Gov. Gavin Newsom of California has asked the United States Supreme Court to weigh in on a case he says has “paralyzed” state and local governments from taking action against homeless encampments. City of Grants Pass v. Johnson is an amicus brief in which Newsom pressed the Supreme Court to clarify that local and state governments shall take reasonable measures to confront the homelessness crisis, which poses health and safety dangers to individuals living in encampments and communities.
A lawsuit from Grants Pass, Oregon, overturned a local anti-camping ordinance that would have made it illegal for people to sleep in public spaces. This case built upon Martin v. City of Boise, which held that communities could not criminalize persons for sleeping in public because they lacked the resources to provide adequate beds for their residents. According to Newsom’s amicus brief, the courts have turned Martin’s reasonable limit into an insurmountable barrier, making it impossible for municipalities to enact basic time and place limits to keep streets safe and encourage the homeless to find shelter.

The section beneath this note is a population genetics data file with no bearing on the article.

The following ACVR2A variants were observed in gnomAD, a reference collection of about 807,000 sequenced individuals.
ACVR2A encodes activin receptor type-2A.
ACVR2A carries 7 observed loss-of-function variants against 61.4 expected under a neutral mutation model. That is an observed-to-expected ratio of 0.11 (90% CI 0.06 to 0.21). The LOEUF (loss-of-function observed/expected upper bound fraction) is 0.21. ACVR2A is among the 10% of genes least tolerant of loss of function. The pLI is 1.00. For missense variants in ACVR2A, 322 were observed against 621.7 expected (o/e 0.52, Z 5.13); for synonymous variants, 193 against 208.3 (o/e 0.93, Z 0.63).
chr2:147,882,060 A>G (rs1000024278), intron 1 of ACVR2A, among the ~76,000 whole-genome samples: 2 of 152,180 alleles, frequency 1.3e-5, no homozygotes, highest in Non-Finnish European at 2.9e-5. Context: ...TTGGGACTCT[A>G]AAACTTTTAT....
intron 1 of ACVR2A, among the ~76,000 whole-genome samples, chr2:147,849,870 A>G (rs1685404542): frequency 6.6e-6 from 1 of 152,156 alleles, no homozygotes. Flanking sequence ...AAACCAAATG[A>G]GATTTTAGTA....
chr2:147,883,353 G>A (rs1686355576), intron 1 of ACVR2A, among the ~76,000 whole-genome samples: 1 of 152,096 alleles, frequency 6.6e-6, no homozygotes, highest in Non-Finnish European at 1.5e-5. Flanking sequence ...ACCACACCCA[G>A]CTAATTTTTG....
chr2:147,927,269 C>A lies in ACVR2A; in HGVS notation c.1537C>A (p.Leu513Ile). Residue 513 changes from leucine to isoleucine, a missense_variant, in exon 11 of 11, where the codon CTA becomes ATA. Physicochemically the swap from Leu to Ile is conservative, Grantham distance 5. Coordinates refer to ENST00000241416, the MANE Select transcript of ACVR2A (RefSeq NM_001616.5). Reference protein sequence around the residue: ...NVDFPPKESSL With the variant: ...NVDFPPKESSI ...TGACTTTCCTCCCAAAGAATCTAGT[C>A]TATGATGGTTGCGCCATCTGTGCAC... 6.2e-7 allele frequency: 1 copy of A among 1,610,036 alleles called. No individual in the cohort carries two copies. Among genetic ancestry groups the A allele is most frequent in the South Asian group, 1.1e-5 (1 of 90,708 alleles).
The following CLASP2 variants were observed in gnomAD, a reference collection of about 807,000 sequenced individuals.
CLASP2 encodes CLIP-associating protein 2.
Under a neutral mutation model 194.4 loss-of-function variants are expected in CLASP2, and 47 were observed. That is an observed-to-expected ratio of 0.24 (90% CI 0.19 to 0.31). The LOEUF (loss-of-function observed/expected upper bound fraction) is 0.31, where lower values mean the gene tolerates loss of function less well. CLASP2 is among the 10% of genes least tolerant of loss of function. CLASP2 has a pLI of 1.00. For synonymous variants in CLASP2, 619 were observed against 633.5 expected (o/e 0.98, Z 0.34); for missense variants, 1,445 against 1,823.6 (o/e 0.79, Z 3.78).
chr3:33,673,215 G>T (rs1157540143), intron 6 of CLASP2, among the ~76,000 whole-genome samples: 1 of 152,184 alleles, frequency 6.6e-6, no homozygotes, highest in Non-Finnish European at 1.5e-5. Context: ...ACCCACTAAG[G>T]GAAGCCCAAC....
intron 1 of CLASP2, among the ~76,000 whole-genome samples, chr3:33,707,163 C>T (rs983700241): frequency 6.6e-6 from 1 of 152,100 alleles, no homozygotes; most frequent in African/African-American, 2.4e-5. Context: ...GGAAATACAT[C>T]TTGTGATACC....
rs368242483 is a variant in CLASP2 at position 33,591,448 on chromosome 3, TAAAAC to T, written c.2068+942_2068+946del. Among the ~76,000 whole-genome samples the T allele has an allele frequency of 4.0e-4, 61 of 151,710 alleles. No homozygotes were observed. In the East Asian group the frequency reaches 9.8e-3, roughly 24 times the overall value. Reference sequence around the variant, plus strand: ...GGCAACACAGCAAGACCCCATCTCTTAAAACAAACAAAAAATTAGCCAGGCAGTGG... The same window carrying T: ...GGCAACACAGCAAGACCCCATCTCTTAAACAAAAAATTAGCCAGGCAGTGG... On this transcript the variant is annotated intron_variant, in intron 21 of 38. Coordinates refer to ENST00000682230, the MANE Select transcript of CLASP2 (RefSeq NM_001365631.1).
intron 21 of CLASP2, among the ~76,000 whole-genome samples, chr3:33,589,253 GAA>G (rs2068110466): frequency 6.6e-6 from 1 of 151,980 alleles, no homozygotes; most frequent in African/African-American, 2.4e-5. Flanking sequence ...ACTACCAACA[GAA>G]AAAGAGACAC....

Legal counsel for Newsom argued, “Our government officials are caught, at risk of suit for taking action, but also answerable for the repercussions of inactivity.”
More than $15 billion has been allocated by Newsom as governor to housing and homelessness, and he has launched programs to reward local governments that lower the hurdles to affordable housing while calling out the counties and cities that refuse to address the problem of affordable housing.
According to Newsom’s office, injunctions against anti-camping regulations are given “not by policymakers or democratically elected authorities, but federal courts.” He contended that the courts are consistently overstepping their bounds in blocking a wide range of reasonable initiatives to safeguard homeless people and the general public from the dangers posed by unregulated encampments.